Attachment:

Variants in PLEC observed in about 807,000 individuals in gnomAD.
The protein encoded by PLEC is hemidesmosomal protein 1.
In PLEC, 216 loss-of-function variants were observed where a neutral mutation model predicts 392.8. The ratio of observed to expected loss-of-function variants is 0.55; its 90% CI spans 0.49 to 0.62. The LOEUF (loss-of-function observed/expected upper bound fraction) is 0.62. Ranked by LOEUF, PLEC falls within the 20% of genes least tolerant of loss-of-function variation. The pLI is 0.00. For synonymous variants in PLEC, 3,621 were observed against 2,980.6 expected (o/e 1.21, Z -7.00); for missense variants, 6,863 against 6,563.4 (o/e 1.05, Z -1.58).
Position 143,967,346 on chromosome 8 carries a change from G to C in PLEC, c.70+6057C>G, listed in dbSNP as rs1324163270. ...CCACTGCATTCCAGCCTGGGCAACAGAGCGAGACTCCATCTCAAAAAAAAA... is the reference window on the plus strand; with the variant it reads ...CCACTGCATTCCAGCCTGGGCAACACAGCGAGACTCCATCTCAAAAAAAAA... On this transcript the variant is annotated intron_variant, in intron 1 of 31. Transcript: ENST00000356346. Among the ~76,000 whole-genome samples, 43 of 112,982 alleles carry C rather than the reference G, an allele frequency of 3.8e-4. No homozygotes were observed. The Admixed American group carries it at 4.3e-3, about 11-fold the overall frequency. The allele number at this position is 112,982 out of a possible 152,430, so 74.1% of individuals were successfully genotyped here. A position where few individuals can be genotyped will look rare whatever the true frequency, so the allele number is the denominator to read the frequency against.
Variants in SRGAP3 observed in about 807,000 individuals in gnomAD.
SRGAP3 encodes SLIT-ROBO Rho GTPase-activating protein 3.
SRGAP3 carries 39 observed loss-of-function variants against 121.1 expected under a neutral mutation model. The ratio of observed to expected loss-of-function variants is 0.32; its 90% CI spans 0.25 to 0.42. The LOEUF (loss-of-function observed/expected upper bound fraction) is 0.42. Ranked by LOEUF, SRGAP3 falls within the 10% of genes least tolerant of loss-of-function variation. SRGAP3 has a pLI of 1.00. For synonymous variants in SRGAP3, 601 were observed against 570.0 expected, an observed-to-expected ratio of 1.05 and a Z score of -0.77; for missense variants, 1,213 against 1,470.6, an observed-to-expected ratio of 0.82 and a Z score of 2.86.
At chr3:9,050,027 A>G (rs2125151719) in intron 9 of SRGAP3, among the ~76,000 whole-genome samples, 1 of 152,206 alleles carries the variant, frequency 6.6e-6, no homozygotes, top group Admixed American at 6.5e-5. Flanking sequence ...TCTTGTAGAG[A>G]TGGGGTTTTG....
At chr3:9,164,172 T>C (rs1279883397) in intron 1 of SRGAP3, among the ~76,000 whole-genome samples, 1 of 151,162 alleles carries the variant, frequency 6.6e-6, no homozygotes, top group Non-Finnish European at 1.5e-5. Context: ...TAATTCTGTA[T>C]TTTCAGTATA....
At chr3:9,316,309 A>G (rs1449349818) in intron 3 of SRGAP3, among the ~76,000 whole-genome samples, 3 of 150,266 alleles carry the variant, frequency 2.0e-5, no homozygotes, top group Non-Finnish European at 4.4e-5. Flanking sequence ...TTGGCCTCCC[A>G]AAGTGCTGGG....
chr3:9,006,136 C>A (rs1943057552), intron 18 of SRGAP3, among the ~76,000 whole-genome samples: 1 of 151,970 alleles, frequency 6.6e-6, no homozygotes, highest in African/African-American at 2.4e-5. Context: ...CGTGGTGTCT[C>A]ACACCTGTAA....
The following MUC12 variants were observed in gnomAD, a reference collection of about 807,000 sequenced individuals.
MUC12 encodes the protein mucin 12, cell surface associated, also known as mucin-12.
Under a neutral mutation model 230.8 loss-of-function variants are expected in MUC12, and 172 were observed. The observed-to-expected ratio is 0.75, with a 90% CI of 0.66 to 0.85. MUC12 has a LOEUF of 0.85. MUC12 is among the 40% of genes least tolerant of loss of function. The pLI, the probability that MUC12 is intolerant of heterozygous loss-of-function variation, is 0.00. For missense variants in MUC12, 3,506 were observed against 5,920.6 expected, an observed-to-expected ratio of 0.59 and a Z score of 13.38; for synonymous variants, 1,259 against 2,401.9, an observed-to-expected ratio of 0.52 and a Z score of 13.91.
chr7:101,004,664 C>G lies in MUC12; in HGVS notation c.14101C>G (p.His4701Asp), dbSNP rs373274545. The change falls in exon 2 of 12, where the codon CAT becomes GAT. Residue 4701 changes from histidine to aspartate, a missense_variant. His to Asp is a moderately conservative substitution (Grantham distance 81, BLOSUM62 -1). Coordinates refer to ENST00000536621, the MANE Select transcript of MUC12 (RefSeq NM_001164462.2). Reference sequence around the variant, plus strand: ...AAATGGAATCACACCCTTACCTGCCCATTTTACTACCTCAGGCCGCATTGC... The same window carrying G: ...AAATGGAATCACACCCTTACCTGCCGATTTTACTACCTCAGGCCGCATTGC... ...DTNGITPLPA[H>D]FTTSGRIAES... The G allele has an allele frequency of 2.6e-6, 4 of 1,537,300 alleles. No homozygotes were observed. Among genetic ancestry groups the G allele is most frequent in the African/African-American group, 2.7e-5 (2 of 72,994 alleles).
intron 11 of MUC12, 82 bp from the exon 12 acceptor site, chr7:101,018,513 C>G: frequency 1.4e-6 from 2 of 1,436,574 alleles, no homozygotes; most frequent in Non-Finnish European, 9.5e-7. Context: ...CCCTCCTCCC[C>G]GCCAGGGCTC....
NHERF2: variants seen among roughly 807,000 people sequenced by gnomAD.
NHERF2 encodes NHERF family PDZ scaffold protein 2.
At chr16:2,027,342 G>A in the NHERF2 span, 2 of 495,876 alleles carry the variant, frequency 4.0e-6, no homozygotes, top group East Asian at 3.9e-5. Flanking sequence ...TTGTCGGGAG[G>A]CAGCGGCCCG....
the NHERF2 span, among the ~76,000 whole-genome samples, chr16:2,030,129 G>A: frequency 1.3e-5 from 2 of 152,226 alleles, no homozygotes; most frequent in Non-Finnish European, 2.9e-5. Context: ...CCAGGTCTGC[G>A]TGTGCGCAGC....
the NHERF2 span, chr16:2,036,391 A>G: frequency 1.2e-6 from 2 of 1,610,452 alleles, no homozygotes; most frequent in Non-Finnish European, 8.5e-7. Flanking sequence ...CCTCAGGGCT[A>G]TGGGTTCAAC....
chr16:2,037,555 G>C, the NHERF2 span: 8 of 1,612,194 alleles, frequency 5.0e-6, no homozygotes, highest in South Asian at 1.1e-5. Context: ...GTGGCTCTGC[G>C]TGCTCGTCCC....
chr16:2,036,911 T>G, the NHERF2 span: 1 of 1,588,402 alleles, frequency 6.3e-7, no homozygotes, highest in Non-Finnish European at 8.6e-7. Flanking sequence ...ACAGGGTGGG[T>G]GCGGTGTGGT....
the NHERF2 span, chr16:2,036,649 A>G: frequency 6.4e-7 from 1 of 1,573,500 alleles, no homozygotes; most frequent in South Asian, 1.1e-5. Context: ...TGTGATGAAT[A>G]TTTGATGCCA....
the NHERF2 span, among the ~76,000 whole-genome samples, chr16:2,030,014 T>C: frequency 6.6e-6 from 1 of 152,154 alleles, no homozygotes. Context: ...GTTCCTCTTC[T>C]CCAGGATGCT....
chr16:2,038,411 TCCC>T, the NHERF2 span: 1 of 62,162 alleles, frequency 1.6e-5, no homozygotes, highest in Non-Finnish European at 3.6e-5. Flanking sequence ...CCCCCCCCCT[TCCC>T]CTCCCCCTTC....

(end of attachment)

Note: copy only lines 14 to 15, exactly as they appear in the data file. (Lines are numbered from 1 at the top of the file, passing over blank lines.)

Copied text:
Under a neutral mutation model 230.8 loss-of-function variants are expected in MUC12, and 172 were observed. The observed-to-expected ratio is 0.75, with a 90% CI of 0.66 to 0.85. MUC12 has a LOEUF of 0.85. MUC12 is among the 40% of genes least tolerant of loss of function. The pLI, the probability that MUC12 is intolerant of heterozygous loss-of-function variation, is 0.00. For missense variants in MUC12, 3,506 were observed against 5,920.6 expected, an observed-to-expected ratio of 0.59 and a Z score of 13.38; for synonymous variants, 1,259 against 2,401.9, an observed-to-expected ratio of 0.52 and a Z score of 13.91.
chr7:101,004,664 C>G lies in MUC12; in HGVS notation c.14101C>G (p.His4701Asp), dbSNP rs373274545. The change falls in exon 2 of 12, where the codon CAT becomes GAT. Residue 4701 changes from histidine to aspartate, a missense_variant. His to Asp is a moderately conservative substitution (Grantham distance 81, BLOSUM62 -1). Coordinates refer to ENST00000536621, the MANE Select transcript of MUC12 (RefSeq NM_001164462.2). Reference sequence around the variant, plus strand: ...AAATGGAATCACACCCTTACCTGCCCATTTTACTACCTCAGGCCGCATTGC... The same window carrying G: ...AAATGGAATCACACCCTTACCTGCCGATTTTACTACCTCAGGCCGCATTGC... ...DTNGITPLPA[H>D]FTTSGRIAES... The G allele has an allele frequency of 2.6e-6, 4 of 1,537,300 alleles. No homozygotes were observed. Among genetic ancestry groups the G allele is most frequent in the African/African-American group, 2.7e-5 (2 of 72,994 alleles).